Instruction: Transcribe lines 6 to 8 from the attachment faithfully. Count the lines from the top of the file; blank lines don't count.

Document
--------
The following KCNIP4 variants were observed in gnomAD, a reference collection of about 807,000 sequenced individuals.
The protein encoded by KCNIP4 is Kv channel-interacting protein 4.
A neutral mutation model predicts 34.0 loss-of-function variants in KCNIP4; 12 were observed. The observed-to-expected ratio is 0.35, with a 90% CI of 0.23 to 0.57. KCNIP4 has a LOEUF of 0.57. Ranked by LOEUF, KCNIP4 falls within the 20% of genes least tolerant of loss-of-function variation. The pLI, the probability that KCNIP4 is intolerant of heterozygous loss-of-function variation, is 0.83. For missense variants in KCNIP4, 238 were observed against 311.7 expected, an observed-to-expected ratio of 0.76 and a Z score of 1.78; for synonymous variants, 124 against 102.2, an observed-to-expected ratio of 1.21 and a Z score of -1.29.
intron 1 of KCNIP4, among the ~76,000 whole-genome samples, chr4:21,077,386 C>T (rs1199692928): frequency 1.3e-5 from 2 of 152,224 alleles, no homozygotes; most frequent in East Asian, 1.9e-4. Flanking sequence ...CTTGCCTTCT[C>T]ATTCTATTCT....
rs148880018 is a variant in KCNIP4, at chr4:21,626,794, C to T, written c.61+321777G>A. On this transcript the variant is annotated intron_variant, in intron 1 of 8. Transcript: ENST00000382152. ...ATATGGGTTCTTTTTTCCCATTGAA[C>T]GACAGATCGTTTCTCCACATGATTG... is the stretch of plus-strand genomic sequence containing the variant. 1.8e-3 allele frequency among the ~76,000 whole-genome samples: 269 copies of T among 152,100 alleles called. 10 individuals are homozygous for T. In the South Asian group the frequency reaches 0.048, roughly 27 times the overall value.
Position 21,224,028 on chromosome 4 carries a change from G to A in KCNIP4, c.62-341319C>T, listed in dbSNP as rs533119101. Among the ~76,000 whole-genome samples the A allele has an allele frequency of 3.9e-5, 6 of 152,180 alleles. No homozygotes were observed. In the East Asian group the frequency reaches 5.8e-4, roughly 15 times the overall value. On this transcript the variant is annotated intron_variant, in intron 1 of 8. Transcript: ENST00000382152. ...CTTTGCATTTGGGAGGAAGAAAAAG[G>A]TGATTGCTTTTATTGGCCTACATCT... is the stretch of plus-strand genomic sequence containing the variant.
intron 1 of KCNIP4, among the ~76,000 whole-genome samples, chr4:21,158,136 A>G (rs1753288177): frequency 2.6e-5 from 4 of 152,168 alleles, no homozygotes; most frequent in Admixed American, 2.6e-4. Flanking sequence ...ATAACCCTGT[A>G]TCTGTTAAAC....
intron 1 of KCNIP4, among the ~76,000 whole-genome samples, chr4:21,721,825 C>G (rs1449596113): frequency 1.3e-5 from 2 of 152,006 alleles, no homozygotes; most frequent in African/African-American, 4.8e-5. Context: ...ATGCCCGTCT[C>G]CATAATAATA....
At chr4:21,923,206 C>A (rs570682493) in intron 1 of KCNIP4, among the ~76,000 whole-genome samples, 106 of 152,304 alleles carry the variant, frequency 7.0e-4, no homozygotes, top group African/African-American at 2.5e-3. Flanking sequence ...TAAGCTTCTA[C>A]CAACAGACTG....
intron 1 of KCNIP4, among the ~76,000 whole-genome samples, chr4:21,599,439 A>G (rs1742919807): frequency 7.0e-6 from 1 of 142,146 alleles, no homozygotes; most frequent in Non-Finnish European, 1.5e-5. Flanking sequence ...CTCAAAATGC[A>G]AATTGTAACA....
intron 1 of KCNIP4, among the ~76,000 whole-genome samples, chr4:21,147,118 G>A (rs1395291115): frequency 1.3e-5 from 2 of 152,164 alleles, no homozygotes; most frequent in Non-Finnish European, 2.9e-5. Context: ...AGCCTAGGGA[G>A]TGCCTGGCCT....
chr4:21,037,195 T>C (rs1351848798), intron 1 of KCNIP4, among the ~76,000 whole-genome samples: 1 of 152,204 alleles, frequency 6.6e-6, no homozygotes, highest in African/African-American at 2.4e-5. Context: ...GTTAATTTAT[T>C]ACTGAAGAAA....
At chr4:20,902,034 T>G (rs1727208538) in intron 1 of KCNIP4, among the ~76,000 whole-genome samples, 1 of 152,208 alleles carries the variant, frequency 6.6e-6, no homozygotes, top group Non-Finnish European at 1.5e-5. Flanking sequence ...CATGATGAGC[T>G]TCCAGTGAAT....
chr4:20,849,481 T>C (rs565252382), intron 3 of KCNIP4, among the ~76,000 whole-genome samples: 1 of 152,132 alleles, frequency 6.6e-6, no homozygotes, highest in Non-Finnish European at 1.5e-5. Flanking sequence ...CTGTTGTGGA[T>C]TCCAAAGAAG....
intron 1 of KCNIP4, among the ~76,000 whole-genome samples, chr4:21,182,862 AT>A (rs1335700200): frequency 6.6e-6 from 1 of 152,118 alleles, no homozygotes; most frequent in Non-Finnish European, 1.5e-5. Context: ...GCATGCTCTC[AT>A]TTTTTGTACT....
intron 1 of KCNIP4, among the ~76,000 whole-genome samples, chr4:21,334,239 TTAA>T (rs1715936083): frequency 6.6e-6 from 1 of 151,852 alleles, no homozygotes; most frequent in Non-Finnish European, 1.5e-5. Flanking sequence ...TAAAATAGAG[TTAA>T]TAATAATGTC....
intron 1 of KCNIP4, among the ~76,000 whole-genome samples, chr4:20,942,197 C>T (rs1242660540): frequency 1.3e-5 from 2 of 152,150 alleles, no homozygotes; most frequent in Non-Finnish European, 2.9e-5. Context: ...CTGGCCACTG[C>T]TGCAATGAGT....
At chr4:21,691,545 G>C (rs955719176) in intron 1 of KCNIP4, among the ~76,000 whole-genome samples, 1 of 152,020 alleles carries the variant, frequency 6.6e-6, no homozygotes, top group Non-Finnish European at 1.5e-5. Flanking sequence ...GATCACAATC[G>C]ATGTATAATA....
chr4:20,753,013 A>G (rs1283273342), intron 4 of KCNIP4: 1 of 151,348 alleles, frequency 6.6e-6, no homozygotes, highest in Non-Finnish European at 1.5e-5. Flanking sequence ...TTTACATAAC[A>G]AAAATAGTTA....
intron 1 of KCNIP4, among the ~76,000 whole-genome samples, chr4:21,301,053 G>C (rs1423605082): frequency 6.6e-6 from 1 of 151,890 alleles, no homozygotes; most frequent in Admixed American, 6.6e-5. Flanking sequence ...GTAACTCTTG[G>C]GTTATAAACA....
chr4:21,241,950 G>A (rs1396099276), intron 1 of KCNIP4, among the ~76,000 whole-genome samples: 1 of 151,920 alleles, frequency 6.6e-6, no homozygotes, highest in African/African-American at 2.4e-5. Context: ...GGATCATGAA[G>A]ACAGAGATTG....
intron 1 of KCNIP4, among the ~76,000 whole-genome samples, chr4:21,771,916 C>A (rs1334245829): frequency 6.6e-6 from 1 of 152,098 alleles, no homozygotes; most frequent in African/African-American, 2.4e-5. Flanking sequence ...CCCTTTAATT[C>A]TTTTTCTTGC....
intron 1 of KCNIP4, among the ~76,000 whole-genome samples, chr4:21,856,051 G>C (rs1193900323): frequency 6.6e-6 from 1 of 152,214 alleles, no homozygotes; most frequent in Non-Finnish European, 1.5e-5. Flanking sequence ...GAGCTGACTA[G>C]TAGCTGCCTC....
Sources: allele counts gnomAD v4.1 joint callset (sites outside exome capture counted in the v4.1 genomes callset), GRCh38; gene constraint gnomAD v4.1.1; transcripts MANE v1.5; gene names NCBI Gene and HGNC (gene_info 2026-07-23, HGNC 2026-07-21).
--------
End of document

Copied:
Position 21,224,028 on chromosome 4 carries a change from G to A in KCNIP4, c.62-341319C>T, listed in dbSNP as rs533119101. Among the ~76,000 whole-genome samples the A allele has an allele frequency of 3.9e-5, 6 of 152,180 alleles. No homozygotes were observed. In the East Asian group the frequency reaches 5.8e-4, roughly 15 times the overall value. On this transcript the variant is annotated intron_variant, in intron 1 of 8. Transcript: ENST00000382152. ...CTTTGCATTTGGGAGGAAGAAAAAG[G>A]TGATTGCTTTTATTGGCCTACATCT... is the stretch of plus-strand genomic sequence containing the variant.
intron 1 of KCNIP4, among the ~76,000 whole-genome samples, chr4:21,158,136 A>G (rs1753288177): frequency 2.6e-5 from 4 of 152,168 alleles, no homozygotes; most frequent in Admixed American, 2.6e-4. Flanking sequence ...ATAACCCTGT[A>G]TCTGTTAAAC....
intron 1 of KCNIP4, among the ~76,000 whole-genome samples, chr4:21,721,825 C>G (rs1449596113): frequency 1.3e-5 from 2 of 152,006 alleles, no homozygotes; most frequent in African/African-American, 4.8e-5. Context: ...ATGCCCGTCT[C>G]CATAATAATA....